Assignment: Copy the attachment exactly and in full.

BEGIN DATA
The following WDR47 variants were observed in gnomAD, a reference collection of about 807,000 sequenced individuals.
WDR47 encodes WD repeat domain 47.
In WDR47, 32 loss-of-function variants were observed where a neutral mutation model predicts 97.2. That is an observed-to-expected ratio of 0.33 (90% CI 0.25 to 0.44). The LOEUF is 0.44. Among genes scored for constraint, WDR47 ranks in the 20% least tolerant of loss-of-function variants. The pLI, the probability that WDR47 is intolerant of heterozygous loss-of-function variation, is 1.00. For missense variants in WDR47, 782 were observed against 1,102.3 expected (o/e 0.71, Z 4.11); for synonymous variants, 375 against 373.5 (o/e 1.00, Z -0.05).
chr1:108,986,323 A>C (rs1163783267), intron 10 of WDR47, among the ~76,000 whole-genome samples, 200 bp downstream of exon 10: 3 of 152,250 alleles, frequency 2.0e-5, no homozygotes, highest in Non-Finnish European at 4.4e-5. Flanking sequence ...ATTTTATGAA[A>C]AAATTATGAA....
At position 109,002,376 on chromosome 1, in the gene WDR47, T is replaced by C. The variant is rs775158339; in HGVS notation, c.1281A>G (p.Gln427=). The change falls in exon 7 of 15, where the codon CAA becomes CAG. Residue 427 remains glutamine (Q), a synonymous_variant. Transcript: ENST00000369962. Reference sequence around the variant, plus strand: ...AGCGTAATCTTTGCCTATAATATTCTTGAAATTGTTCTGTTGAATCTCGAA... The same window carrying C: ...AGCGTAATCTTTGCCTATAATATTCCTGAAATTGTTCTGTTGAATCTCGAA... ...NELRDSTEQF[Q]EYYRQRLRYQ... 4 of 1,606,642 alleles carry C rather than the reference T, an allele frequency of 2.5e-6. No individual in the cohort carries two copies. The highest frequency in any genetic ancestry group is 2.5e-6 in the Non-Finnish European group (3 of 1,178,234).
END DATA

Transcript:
The following WDR47 variants were observed in gnomAD, a reference collection of about 807,000 sequenced individuals.
WDR47 encodes WD repeat domain 47.
In WDR47, 32 loss-of-function variants were observed where a neutral mutation model predicts 97.2. That is an observed-to-expected ratio of 0.33 (90% CI 0.25 to 0.44). The LOEUF is 0.44. Among genes scored for constraint, WDR47 ranks in the 20% least tolerant of loss-of-function variants. The pLI, the probability that WDR47 is intolerant of heterozygous loss-of-function variation, is 1.00. For missense variants in WDR47, 782 were observed against 1,102.3 expected (o/e 0.71, Z 4.11); for synonymous variants, 375 against 373.5 (o/e 1.00, Z -0.05).
chr1:108,986,323 A>C (rs1163783267), intron 10 of WDR47, among the ~76,000 whole-genome samples, 200 bp downstream of exon 10: 3 of 152,250 alleles, frequency 2.0e-5, no homozygotes, highest in Non-Finnish European at 4.4e-5. Flanking sequence ...ATTTTATGAA[A>C]AAATTATGAA....
At position 109,002,376 on chromosome 1, in the gene WDR47, T is replaced by C. The variant is rs775158339; in HGVS notation, c.1281A>G (p.Gln427=). The change falls in exon 7 of 15, where the codon CAA becomes CAG. Residue 427 remains glutamine (Q), a synonymous_variant. Transcript: ENST00000369962. Reference sequence around the variant, plus strand: ...AGCGTAATCTTTGCCTATAATATTCTTGAAATTGTTCTGTTGAATCTCGAA... The same window carrying C: ...AGCGTAATCTTTGCCTATAATATTCCTGAAATTGTTCTGTTGAATCTCGAA... ...NELRDSTEQF[Q]EYYRQRLRYQ... 4 of 1,606,642 alleles carry C rather than the reference T, an allele frequency of 2.5e-6. No individual in the cohort carries two copies. The highest frequency in any genetic ancestry group is 2.5e-6 in the Non-Finnish European group (3 of 1,178,234).